J Neurol Neurosurg Psychiatry doi:10.1136/jnnp-2012-303884
  • Cochrane Neurological Field Corner

Secondary progressive multiple sclerosis: a shared therapeutic decision

  1. Peter A G Sandercock3
  1. 1Cochrane Neurological Field, c/o Direzione salute, coesione sociale e società della conoscenza, Regione Umbria Perugia, Italy
  2. 2Department of Neurology, Royal Perth Hospital, Perth, Australia
  3. 3Department of Clinical Neurosciences, Western General Hospital, Edinburgh Neuroscience, Edinburgh, UK
  1. Correspondence to Dr Teresa Anna Cantisani, Cochrane Neurological Field, Perugia, Italy; cochrane.neuronet{at}
  • Received 18 September 2012
  • Accepted 24 September 2012
  • Published Online First 6 December 2012

Over a 15 year period, half of patients with relapsing remitting multiple sclerosis (RR-MS) will develop secondary progressive-multiple sclerosis (SP-MS). Recombinant beta interferons (IFN-β) are well established for relapsing remitting-multiple sclerosis (RR-MS) but often they continue to be used as the first line treatment in the secondary progressive phase of the disease (SP- MS), without good evidence that they reverse or retard the progression of the disease.

There are several reasons why IFN-beta (IFN-β) are used in SP-MS: perception of clinical efficacy of IFN-β in SP-MS, difficulty informing the patient about the worsening of the condition in the progressive phase of the disease, the ‘force of habit’ of the clinician and the patient, and the current absence of therapeutic agents able to significantly change the course of the disease.

The Cochrane Library

Information coming from the literature has until now been in short supply due to the fact that results from the largest trials are conflicting.1 ,2 This leaves the medical community (and patients) confused about the different choices available in a delicate disease like multiple sclerosis (MS). Prognosis is often unpredictable and diagnosis of the progression in the secondary progressive (SP) phase is not an easy task, requiring from 6 months to 1 year of observation.

A support tool for clinicians is provided by the paper ‘Interferon beta for secondary progressive Multiple Sclerosis: a systematic review’,3 an updated and abridged version of a systematic review published in Issue 1, 2012 of the Cochrane Library. The Cochrane Collaboration focuses on the processes involved in the synthesis of qualitative evidence. Applying the Cochrane Collaboration methodology, the review authors searched for randomised controlled trials of interferon β in SP-MS patients. A total of 129 records were identified, of which five studies were considered qualitatively adequate and included in the review. The validity of each study was assessed to emphasise the risk of bias in results, offering readers more complete clinical and methodological tools, while underlining their strengths and weaknesses (the GRADE-approach).4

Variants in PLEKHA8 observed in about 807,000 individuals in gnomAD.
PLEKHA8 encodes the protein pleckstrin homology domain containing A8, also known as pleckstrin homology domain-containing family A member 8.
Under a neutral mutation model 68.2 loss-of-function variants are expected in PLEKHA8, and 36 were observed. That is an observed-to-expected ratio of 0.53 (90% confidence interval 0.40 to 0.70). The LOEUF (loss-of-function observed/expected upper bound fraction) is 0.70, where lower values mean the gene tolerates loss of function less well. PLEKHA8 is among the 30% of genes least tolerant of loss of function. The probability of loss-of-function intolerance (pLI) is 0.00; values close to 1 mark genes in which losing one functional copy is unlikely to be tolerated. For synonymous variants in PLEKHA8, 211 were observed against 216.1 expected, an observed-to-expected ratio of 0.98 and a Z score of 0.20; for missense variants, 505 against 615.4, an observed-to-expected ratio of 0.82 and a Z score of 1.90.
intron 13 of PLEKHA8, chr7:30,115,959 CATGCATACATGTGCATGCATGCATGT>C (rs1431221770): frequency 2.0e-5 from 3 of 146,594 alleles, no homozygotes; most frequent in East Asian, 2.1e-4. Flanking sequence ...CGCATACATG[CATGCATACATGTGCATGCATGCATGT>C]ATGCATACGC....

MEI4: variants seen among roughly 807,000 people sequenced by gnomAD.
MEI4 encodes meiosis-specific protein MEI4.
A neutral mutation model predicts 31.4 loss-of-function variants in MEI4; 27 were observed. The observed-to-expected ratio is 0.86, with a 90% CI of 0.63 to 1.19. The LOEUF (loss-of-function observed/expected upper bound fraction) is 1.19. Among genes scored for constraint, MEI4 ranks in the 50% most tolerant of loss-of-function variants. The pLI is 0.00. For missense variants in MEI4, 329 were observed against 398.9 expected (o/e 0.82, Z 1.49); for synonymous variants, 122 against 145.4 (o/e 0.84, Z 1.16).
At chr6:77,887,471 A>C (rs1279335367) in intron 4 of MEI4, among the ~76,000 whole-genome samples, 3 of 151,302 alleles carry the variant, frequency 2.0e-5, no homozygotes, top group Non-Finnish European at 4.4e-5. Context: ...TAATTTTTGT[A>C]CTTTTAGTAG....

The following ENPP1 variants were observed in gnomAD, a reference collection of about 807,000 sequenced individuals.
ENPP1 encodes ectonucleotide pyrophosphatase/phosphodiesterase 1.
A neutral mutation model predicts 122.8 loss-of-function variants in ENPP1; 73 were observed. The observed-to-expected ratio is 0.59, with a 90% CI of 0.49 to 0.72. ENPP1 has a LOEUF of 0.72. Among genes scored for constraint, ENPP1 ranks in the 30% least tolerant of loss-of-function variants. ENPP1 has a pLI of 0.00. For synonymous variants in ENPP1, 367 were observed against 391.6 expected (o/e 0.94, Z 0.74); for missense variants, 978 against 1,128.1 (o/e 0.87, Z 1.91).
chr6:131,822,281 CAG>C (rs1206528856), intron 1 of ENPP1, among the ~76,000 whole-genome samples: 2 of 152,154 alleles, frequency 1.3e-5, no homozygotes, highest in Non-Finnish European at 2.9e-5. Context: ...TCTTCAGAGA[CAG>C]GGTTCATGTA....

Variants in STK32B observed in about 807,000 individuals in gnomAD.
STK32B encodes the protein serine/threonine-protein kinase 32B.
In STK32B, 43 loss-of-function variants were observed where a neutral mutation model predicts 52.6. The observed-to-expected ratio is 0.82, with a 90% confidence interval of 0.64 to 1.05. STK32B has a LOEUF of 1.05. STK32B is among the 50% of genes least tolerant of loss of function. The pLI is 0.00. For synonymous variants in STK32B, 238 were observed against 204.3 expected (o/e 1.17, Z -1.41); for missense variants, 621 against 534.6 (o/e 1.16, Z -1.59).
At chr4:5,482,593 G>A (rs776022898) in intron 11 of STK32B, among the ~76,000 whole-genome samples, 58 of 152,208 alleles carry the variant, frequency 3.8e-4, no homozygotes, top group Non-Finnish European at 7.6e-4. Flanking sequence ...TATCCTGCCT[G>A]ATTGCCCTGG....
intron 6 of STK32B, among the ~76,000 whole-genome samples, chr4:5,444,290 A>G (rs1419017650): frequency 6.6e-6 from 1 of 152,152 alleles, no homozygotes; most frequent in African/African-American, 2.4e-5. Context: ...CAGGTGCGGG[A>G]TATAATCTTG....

Meta-analysis of the five trials shows that among 3122 participants who were randomly allocated IFN-β (n=1829) or placebo (n=1293), there was no significant difference in the primary outcome; the number of patients who had 6 months' sustained progression of disability (increase in EDSS>1 point) assessed at 3 years was 1177 (64%) in the interferon group and 849 (69%) controls (risk ratio 0.98, 95% CI: 0.82 to 1.16], p=0.79). There was a significant difference in a secondary outcome; the number of patients who experienced at least one relapse at 3 years was 742 (47%) in the interferon group and 556 (53%) controls (risk ratio: 0.91, 95% CI: 0.84 to 0.97).

The implications of this updated synthesis of the best available evidence for the treatment of SP-MS are four-fold.

The patient with SP-MS needs to be empowered and made aware of the scarce treatment efficacy at this difficult phase of the disease to be able to decide whether to discontinue interferon β and treat any eventual relapse with steroids.

The physician assisting the patient needs to feel confident that the patient could participate in clinical trials for alternative treatment options; offer their expertise and new ideas on how to improve MS care; enhance effective communication time with the patient; and reinforce non-pharmacological evidence-based treatments.5–8

The researcher needs to set up adequate trials with a follow-up phase that is long enough (MS is a chronic disease!) to measure sensible key outcomes like ‘real’ disability, made up of physical deficits and cognitive and psychological ones.

The policy maker could apply a ‘disinvestment process’, withdrawing health care resources from practices that deliver ineffective health care.9


  • Competing interests None.

  • Provenance and peer review Commissioned; externally peer reviewed.


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